Diversity and Inclusion - best laid plans
Fintech meet up
Out-Law News | 26 Jun 2019 | 3:19 pm | 4 min. read
The investigators had attempted to rely on a public interest defence to justify disclosures made to the Central Bank of Cyprus (CPC) and FinCEN, the US Treasury's Financial Crimes Enforcement Network, about the Cypriot branch of FBME Bank (FBME). However, High Court judge Mrs Justice Cockerill dismissed their arguments, finding that the investigators' disclosures were "premature and speculative" and were not sufficiently specific to benefit from protection.
Investigations expert Alan Sheeley of Pinsent Masons, the law firm behind Out-Law, said that the case "emphasises that the law of confidence is still very much alive and well, and will not be voided by general statements by the disclosing party of 'in the public interest'".
"A party considering breaching confidence, whether express or implied, must think long and hard about what he specifically wants to disclose, to whom he is disclosing it - including whether there are any jurisdictional difficulties - why he is disclosing it, and ultimately how the disclosure will assist the third party," he said. "This case clearly highlights that a 'document dump' to a third party is a dangerous way forward, and one that will likely result in an adverse order being made against the disclosing party."
This case clearly highlights that a 'document dump' to a third party is a dangerous way forward, and one that will likely result in an adverse order being made against the disclosing party.
The investigators, Nigel Brown and Alec Leighton, were engaged by FBME's owners in 2014 after the CBC took over the running of the Cyprus branch of the bank in response to its designation by FinCEN as an institution of "prime money laundering concern". Brown and Leighton were hired to investigate these allegations under a retainer, which contained strict terms as to confidentiality.
FBME alleged that, after the relationship ended, the investigators handed documents and information uncovered during their investigation to the CBC, FinCEN and other law enforcement agencies, as well as to a number of media outlets and investigative journalists. The investigators argued that their disclosures to law enforcement and regulators were justified in the public interest due to the bank's criminal activity, and also that they had been compelled to deliver information to the CBC. They denied any disclosures to the media.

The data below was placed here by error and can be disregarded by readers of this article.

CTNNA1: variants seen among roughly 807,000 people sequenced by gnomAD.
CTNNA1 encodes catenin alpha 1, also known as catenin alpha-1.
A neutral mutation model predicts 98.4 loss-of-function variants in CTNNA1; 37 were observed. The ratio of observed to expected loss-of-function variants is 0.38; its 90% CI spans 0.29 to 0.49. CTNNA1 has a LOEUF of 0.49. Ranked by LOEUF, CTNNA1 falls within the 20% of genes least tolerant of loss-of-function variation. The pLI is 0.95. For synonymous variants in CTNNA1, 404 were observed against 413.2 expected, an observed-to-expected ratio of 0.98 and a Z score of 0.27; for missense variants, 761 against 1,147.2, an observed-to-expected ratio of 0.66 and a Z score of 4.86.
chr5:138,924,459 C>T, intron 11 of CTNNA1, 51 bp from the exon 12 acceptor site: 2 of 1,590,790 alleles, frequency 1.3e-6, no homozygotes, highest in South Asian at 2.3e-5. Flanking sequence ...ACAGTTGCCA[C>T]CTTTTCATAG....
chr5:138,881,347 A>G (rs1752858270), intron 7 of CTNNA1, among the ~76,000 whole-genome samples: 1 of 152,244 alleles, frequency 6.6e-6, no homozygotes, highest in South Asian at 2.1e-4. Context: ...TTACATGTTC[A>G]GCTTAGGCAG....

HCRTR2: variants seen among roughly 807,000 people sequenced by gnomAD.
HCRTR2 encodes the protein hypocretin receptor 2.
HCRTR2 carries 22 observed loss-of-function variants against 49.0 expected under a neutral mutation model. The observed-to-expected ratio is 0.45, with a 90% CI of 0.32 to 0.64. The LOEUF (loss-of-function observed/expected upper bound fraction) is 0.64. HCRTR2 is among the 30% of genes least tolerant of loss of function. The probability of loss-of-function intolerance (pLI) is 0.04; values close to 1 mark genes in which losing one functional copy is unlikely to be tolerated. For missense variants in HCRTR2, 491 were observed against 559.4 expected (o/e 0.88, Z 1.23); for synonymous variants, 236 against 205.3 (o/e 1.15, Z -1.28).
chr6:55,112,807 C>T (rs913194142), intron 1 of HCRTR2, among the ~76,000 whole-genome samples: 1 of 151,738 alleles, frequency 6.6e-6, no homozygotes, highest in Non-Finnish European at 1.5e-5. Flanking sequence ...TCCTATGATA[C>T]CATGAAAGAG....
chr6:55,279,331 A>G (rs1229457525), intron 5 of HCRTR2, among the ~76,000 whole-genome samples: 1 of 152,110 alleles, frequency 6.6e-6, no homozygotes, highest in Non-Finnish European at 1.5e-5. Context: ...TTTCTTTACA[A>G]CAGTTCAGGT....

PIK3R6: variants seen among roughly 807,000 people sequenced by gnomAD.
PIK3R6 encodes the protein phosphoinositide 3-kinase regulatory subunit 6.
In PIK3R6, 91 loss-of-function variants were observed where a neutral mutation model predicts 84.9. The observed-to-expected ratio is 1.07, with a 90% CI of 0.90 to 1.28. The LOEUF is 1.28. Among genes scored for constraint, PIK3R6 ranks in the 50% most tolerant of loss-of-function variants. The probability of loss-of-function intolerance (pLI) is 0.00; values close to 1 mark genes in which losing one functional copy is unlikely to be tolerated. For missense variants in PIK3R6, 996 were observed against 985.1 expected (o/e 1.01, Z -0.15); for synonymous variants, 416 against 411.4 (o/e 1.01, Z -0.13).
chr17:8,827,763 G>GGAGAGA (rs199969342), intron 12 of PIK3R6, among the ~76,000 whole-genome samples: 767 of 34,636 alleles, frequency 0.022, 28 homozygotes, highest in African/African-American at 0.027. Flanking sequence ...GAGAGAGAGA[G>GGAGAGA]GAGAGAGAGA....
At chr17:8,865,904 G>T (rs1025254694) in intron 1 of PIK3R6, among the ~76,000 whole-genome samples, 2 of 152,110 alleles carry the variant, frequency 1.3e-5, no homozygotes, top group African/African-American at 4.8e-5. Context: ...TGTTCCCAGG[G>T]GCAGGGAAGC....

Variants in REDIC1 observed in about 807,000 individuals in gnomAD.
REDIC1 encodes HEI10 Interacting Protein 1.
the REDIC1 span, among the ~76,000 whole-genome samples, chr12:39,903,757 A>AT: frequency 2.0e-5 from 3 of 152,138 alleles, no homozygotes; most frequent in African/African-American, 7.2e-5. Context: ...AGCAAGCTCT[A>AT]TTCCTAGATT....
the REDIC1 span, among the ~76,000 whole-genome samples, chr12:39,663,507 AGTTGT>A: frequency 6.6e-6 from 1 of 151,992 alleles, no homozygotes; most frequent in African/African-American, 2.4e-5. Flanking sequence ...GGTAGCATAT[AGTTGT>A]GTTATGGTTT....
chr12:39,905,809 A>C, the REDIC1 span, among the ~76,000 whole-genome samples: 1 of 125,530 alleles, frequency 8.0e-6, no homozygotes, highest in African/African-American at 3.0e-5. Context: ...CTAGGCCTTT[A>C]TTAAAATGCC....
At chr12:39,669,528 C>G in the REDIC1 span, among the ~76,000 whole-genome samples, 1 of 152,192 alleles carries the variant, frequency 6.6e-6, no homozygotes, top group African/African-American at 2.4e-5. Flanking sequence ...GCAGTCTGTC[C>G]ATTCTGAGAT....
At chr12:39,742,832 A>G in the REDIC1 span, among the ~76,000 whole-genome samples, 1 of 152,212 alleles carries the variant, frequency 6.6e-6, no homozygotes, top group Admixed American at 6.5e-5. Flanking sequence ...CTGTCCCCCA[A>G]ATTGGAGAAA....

The judge found no evidence of the alleged disclosures to the media, and quickly dismissed these. She then went on to consider the investigators' defences of compulsion and public interest in relation to their disclosures to the regulators. The documents relied upon by the investigators to support their claims of compulsion referred merely to "requests" and the potential consequences of failure, which the judge concluded was not "the language of compulsion".
On the public interest point, the judge agreed that respect for confidentiality was itself a matter of public interest, as set out in previous cases and academic writing on the subject. For this reason, a public interest defence to disclosure is available only in limited circumstances, where the importance of disclosure is "such that the duty otherwise owed to respect its confidentiality should be overridden". This generally means that the disclosure relates to serious misconduct or is important for safeguarding public welfare, or is of comparable public importance.